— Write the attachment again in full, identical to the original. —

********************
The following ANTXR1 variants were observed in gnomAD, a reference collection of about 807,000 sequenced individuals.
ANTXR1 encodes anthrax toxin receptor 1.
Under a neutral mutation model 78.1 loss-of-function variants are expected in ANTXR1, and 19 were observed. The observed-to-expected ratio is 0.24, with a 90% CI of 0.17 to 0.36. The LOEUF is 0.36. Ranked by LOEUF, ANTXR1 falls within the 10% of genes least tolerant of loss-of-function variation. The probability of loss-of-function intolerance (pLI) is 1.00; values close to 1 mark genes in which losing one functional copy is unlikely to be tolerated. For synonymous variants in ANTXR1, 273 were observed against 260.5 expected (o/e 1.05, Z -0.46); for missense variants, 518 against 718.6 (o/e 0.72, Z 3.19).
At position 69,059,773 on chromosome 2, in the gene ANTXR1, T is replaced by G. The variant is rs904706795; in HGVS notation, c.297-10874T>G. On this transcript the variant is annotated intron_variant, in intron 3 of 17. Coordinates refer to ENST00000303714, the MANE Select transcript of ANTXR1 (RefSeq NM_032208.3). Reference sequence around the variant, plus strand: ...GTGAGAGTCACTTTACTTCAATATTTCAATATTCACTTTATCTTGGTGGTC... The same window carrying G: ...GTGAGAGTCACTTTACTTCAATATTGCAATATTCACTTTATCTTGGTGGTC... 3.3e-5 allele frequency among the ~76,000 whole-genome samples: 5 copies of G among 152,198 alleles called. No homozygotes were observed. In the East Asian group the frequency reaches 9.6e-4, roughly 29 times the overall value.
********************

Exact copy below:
The following ANTXR1 variants were observed in gnomAD, a reference collection of about 807,000 sequenced individuals.
ANTXR1 encodes anthrax toxin receptor 1.
Under a neutral mutation model 78.1 loss-of-function variants are expected in ANTXR1, and 19 were observed. The observed-to-expected ratio is 0.24, with a 90% CI of 0.17 to 0.36. The LOEUF is 0.36. Ranked by LOEUF, ANTXR1 falls within the 10% of genes least tolerant of loss-of-function variation. The probability of loss-of-function intolerance (pLI) is 1.00; values close to 1 mark genes in which losing one functional copy is unlikely to be tolerated. For synonymous variants in ANTXR1, 273 were observed against 260.5 expected (o/e 1.05, Z -0.46); for missense variants, 518 against 718.6 (o/e 0.72, Z 3.19).
At position 69,059,773 on chromosome 2, in the gene ANTXR1, T is replaced by G. The variant is rs904706795; in HGVS notation, c.297-10874T>G. On this transcript the variant is annotated intron_variant, in intron 3 of 17. Coordinates refer to ENST00000303714, the MANE Select transcript of ANTXR1 (RefSeq NM_032208.3). Reference sequence around the variant, plus strand: ...GTGAGAGTCACTTTACTTCAATATTTCAATATTCACTTTATCTTGGTGGTC... The same window carrying G: ...GTGAGAGTCACTTTACTTCAATATTGCAATATTCACTTTATCTTGGTGGTC... 3.3e-5 allele frequency among the ~76,000 whole-genome samples: 5 copies of G among 152,198 alleles called. No homozygotes were observed. In the East Asian group the frequency reaches 9.6e-4, roughly 29 times the overall value.